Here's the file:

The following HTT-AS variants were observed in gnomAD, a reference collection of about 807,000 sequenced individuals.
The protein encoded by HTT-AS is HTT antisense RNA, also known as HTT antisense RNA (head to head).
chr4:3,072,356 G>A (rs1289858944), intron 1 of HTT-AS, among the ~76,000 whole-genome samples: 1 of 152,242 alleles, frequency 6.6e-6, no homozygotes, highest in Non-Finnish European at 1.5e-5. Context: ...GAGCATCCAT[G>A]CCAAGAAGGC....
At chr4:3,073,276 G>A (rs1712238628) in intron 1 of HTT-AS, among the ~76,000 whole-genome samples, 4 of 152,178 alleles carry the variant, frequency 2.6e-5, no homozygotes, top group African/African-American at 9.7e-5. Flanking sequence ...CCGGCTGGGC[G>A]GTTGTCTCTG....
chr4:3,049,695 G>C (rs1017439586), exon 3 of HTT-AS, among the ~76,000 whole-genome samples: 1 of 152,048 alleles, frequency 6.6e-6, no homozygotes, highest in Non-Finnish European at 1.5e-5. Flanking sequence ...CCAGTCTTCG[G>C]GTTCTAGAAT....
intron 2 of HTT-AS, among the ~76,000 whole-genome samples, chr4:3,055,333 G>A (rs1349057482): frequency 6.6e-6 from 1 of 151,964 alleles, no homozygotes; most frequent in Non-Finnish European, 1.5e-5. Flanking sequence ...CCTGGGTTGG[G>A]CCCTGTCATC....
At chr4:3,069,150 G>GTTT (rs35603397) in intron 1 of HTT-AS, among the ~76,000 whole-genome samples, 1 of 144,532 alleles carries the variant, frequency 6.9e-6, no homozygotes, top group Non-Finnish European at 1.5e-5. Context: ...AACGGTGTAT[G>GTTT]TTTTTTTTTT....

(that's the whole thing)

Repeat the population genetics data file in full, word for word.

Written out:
The following HTT-AS variants were observed in gnomAD, a reference collection of about 807,000 sequenced individuals.
The protein encoded by HTT-AS is HTT antisense RNA, also known as HTT antisense RNA (head to head).
chr4:3,072,356 G>A (rs1289858944), intron 1 of HTT-AS, among the ~76,000 whole-genome samples: 1 of 152,242 alleles, frequency 6.6e-6, no homozygotes, highest in Non-Finnish European at 1.5e-5. Context: ...GAGCATCCAT[G>A]CCAAGAAGGC....
At chr4:3,073,276 G>A (rs1712238628) in intron 1 of HTT-AS, among the ~76,000 whole-genome samples, 4 of 152,178 alleles carry the variant, frequency 2.6e-5, no homozygotes, top group African/African-American at 9.7e-5. Flanking sequence ...CCGGCTGGGC[G>A]GTTGTCTCTG....
chr4:3,049,695 G>C (rs1017439586), exon 3 of HTT-AS, among the ~76,000 whole-genome samples: 1 of 152,048 alleles, frequency 6.6e-6, no homozygotes, highest in Non-Finnish European at 1.5e-5. Flanking sequence ...CCAGTCTTCG[G>C]GTTCTAGAAT....
intron 2 of HTT-AS, among the ~76,000 whole-genome samples, chr4:3,055,333 G>A (rs1349057482): frequency 6.6e-6 from 1 of 151,964 alleles, no homozygotes; most frequent in Non-Finnish European, 1.5e-5. Flanking sequence ...CCTGGGTTGG[G>A]CCCTGTCATC....
At chr4:3,069,150 G>GTTT (rs35603397) in intron 1 of HTT-AS, among the ~76,000 whole-genome samples, 1 of 144,532 alleles carries the variant, frequency 6.9e-6, no homozygotes, top group Non-Finnish European at 1.5e-5. Context: ...AACGGTGTAT[G>GTTT]TTTTTTTTTT....